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Check your sources (Editorial)

by | May 22, 2020

Blogging on May 15 for Beef Magazine, South Dakota rancher and agriculture advocate Amanda Radke sounded off about the latest issue of Junior Scholastic, a paid subscription publication that goes to 250,000 schools across the United States.
The cover story, “This Meat Could Help the Planet,” calls out beef as a “major offender” of the environment and offers lab-generated imitation meat as the solution.
“The article reads like an advertisement for fake meat, with all the popular anti-beef rhetoric,” Radke writes. “Blame climate change on cow burps and farts, and blame it on the grain, water and land used to produce a burger. Oh, and if you want to protect the planet, just cut back, you gluttonous kids!”
The article comes at a curious time, as worries of a meat shortage sent people scrambling for ground beef and chicken breasts and fake meat makers have seen a 264-percent sales increase during the coronavirus outbreak.
Radke said she’s been overwhelmed with e-mails and messages from angry parents and teachers over the matter.
What may be more overwhelming is the magnitude of parents who don’t question the information and take the steps to inform their children about the environmental and health benefits of beef production.
So Radke listed 10 statistics about beef production that would have helped students form a better opinion on the issue. Here are some of her more compelling points:
• Calorie-for-calorie, beef gives us the best bang for our buck. It would take seven tablespoons of peanut butter (670 calories), 3.5 cups of black beans (374 calories), or 1.25 cups of tofu (236) calories to receive the same 25 grams of protein available in a 3-ounce serving of beef (180) calories.
• Total direct greenhouse gas emissions from the U.S. livestock industry have declined 11 percent since 1961, while production of livestock meat has more than doubled?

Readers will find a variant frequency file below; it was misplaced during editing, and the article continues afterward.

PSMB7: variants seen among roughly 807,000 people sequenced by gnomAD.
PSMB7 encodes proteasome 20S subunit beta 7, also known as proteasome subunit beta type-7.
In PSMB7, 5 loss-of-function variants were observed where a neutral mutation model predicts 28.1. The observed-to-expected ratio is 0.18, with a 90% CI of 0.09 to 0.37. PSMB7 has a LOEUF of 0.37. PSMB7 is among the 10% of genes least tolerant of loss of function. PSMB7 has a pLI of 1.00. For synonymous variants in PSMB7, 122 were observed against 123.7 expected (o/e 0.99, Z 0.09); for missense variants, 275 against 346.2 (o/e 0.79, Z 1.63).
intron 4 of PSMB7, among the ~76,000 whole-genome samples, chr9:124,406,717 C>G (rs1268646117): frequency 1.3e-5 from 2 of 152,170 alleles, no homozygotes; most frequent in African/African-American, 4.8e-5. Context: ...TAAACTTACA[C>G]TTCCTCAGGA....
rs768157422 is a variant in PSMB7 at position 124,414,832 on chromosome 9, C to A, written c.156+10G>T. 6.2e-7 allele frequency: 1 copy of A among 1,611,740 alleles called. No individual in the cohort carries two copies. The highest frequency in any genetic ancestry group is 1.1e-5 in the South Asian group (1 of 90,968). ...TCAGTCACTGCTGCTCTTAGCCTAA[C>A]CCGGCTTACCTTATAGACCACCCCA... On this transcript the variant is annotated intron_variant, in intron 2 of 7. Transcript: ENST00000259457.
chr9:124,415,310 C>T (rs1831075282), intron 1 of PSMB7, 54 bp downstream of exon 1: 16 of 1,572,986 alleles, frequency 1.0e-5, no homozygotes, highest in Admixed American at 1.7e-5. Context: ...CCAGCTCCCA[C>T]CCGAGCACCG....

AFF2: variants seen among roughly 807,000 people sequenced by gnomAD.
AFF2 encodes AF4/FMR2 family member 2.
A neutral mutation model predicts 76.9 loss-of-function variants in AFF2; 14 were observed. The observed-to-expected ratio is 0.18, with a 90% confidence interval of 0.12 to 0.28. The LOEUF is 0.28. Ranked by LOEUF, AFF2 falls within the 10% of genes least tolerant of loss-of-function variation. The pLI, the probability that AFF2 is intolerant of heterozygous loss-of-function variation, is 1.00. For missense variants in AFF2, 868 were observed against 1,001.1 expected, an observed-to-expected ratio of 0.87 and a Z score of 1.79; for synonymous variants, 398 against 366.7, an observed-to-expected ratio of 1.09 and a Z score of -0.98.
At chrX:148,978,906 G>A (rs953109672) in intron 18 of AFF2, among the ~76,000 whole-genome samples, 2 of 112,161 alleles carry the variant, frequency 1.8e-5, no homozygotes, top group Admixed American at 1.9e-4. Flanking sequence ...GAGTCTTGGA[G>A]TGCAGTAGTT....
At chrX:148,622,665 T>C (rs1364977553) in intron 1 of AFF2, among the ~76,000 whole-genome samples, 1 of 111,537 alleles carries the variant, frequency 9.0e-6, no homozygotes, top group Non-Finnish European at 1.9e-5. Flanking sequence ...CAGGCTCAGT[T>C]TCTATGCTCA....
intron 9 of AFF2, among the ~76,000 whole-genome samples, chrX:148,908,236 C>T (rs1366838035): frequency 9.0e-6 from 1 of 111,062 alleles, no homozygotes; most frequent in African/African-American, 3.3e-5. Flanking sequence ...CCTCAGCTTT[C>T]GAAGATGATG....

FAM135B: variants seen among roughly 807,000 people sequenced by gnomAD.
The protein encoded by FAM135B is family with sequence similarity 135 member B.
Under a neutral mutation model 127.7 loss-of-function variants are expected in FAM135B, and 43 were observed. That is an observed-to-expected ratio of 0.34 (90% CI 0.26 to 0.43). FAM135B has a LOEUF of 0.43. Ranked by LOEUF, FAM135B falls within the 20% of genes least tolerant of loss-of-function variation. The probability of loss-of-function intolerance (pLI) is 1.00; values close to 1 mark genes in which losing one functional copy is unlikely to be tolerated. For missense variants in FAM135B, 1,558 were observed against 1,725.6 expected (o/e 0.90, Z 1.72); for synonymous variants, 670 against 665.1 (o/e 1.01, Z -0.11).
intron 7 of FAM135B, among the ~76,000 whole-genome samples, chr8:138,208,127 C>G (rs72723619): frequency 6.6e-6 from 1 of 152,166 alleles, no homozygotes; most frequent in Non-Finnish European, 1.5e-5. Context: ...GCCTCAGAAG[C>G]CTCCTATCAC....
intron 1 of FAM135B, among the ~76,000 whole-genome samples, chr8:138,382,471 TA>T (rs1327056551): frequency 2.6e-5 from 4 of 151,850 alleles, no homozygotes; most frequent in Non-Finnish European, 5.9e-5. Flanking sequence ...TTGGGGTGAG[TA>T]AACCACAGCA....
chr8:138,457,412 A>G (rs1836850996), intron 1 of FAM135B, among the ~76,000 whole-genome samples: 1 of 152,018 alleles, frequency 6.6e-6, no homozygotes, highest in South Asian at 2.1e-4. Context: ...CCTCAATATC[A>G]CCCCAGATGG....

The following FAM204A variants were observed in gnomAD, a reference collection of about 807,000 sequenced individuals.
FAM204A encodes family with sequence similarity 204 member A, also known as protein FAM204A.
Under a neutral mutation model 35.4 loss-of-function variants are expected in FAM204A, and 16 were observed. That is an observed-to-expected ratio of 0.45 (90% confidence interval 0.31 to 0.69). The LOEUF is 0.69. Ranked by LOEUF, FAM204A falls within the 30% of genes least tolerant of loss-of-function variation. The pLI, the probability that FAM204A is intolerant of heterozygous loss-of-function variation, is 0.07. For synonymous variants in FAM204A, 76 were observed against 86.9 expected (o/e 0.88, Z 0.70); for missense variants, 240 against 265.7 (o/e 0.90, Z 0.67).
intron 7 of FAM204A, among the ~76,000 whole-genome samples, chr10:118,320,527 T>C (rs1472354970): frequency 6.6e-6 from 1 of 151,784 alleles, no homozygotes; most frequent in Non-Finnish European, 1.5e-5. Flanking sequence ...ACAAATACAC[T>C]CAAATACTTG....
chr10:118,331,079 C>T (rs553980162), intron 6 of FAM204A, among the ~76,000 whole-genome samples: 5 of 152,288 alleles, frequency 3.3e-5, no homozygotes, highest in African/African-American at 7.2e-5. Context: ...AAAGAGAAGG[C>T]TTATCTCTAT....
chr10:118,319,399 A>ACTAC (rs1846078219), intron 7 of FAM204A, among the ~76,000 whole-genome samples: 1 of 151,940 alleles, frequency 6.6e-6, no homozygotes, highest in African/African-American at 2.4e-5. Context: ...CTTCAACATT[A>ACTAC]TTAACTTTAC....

• Compared to 1977, today’s beef industry produces the same amount of beef with 33 percent fewer cattle?
• The greatest contributors of greenhouse gas emissions are electricity (28 percent), transportation (28 percent), and industry (22 percent) while U.S. animal agriculture contributes just 3.9 percent of total emissions, according to the EPA.
Marketed to middle school teachers with lesson aids and learning tools, Junior Scholastic routinely dives into heavy subjects in global and national current events and Radke’s accusation of propaganda are not the first. In 2011, articles on the coal industry and the Occupy Wall Street movement triggered rebukes from both sides of the political spectrum.
In the case of the coal article, activist groups railed against the magazine partnering with the American Coal Foundation to produce learning tools and resources about coal as a viable energy source.
The backlash was severe enough that Junior Scholastic pulled the content out of distribution.
Now it looks as if the script’s been flipped.
“This isn’t fearmongering,” Radke writes. “The proof is right in plain sight. These groups are pushing to enact government control over our food system and a dictated, one-size-fits-all plant-based diet for all people.”
This further illustrates the challenge agriculture has in showing the public the full picture of how it feeds the world. Resources abound from local and national ag organizations and foundations but going up against an entrenched corporate juggernaut in Scholastic is no small task.
The knowledge exchange over the kinds of issues Junior Scholastic takes on and presents to middle schoolers can be healthy, so long as it’s not a one-sided transaction.
Opinions are good. But well-educated opinions are better.

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